Beef Cows Produce More Methane During Calving Stage
January 31, 2013

More Greenhouse Gas Emitted During Cow-calf Phase

April Flowers for - Your Universe Online

It is a well-known fact that cattle produce carbon dioxide and methane throughout their lives. A new study, however, pinpoints the cow-calf stage as a major contributor of greenhouse gases during beef production.

The research team estimated greenhouse gas emissions from beef cattle during different stages of life in the new study, recently published in the Journal of Animal Science. Their findings reveal that, depending on which production system farmers used, beef production has a carbon footprint ranging from 10.7 to 22.6 kg of carbon dioxide equivalent per kg of hot carcass weight.

One source of greenhouse gas was surprising, according to Frank Mitloehner, an associate professor in the Department of Animal Science at UC Davis.

"If you look at everything that contributes to greenhouse gases through the beef supply chain, then it is the cow-calf that produces the greatest greenhouse gases," Mitloehner said.

The cow gives birth to the calf during this phase and nurses it for six to ten months, eating rough plants like hay and grasses. The bacteria in the cow's gut, which produce methane, thrive on these plants.

"The more roughage is in the diet of the ruminant animal, the more methane is produced by the microbes in the gut of the ruminant, and methane comes out the front end," Mitloehner said.

Cattle in feedlots, in contrast, eat mostly corn and grains. The methane-producing bacteria cannot use corn and grains as effectively, cutting down on the amount of methane produced.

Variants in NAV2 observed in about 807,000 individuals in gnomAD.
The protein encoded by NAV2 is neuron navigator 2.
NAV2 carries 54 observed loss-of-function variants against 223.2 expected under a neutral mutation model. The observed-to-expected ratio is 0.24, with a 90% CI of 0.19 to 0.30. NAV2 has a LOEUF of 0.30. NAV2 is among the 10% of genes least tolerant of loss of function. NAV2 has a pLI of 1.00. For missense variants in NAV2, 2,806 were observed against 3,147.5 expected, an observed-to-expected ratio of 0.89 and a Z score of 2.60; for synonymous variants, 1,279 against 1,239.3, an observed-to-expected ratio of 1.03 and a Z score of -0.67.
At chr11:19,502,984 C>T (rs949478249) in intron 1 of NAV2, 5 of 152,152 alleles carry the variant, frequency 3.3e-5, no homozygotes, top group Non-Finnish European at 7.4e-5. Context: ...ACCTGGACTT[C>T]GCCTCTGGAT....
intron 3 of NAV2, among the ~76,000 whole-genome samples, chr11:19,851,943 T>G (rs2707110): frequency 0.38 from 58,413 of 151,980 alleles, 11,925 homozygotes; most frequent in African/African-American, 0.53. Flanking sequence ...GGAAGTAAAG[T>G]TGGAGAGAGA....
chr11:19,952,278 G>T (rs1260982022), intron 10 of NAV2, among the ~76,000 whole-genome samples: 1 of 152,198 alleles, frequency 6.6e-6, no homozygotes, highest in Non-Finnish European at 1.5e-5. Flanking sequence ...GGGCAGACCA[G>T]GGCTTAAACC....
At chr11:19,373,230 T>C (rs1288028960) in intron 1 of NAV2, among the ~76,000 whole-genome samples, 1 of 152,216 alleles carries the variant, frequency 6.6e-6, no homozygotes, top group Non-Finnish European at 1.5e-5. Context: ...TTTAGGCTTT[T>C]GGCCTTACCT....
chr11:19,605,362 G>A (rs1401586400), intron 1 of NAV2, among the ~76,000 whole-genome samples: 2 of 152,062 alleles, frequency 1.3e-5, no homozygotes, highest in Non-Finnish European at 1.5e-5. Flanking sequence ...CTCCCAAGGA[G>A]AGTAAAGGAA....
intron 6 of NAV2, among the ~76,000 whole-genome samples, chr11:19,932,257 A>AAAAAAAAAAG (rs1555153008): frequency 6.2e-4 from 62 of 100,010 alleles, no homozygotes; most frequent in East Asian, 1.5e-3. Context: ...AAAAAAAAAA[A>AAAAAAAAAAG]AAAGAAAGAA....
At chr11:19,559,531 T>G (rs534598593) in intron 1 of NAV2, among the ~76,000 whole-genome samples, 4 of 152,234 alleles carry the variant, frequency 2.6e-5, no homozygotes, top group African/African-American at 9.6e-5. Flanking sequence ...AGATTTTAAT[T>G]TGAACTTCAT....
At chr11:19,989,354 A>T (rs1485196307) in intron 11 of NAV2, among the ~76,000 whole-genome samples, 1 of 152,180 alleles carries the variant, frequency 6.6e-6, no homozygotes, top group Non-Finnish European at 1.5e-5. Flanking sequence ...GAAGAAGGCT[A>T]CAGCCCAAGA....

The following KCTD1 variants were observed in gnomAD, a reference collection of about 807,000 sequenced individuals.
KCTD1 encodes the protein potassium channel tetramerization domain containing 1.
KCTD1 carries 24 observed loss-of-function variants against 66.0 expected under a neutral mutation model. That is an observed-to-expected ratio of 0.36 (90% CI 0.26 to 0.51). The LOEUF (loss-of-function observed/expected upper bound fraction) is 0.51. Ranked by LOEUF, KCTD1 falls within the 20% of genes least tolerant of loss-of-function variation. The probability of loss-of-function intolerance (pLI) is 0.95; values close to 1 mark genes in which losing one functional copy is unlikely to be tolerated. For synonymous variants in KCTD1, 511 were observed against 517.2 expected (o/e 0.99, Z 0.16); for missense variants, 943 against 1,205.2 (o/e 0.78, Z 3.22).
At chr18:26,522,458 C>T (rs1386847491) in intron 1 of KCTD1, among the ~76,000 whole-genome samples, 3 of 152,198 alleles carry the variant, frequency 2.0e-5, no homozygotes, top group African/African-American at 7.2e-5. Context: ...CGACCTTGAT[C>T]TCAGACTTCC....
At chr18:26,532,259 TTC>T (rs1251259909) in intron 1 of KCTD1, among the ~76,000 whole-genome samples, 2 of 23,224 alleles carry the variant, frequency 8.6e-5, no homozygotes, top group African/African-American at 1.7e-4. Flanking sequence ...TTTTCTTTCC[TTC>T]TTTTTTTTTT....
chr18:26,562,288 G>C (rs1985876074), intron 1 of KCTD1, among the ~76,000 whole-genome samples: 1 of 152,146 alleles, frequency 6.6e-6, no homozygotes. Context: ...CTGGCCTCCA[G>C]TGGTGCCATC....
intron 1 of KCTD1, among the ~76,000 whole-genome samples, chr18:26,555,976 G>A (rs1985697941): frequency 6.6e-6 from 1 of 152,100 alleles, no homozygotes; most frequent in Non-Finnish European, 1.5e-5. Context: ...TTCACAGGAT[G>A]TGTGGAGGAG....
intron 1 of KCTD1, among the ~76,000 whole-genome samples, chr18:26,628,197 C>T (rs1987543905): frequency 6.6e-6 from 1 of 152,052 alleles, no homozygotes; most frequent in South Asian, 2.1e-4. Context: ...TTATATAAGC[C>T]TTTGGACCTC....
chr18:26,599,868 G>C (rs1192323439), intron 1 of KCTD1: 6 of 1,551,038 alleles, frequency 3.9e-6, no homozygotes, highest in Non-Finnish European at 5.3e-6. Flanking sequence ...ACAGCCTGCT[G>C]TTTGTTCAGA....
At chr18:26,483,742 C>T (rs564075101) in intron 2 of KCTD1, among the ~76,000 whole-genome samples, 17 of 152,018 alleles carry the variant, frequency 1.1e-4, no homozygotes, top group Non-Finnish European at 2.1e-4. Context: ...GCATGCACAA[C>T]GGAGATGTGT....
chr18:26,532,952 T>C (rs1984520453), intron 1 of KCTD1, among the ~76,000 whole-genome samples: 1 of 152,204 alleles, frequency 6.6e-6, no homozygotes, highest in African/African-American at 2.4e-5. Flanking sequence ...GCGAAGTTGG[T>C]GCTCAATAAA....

Because methane has a greater capacity to trap heat in the atmosphere than carbon dioxide, it is one of the most important greenhouse gases.

In recent years, the beef cattle industry has been paying close attention to greenhouse gas emissions.

"We are doing a lot to measure and mitigate our impact," said Chase Adams, director of communications for the National Cattlemen's Beef Association.

A previous study, published in the Journal of Animal Science in 2011 by researcher Jude Capper, revealed that the beef industry currently uses significantly less water and land than 30 years ago. The carbon footprint of the industry has been reduced by 16.3 percent per billion kilograms of beef produced.

The current study reveals that beef producers can further reduce the carbon impact by using new technologies like growth promotants. Consumers are often unsure of these methods, however, and choose organic beef or beef with reduced amounts of growth promotants.

"The technologies many consumers are critical of are those that help us receive the greatest environmental gains," Mitloehner said.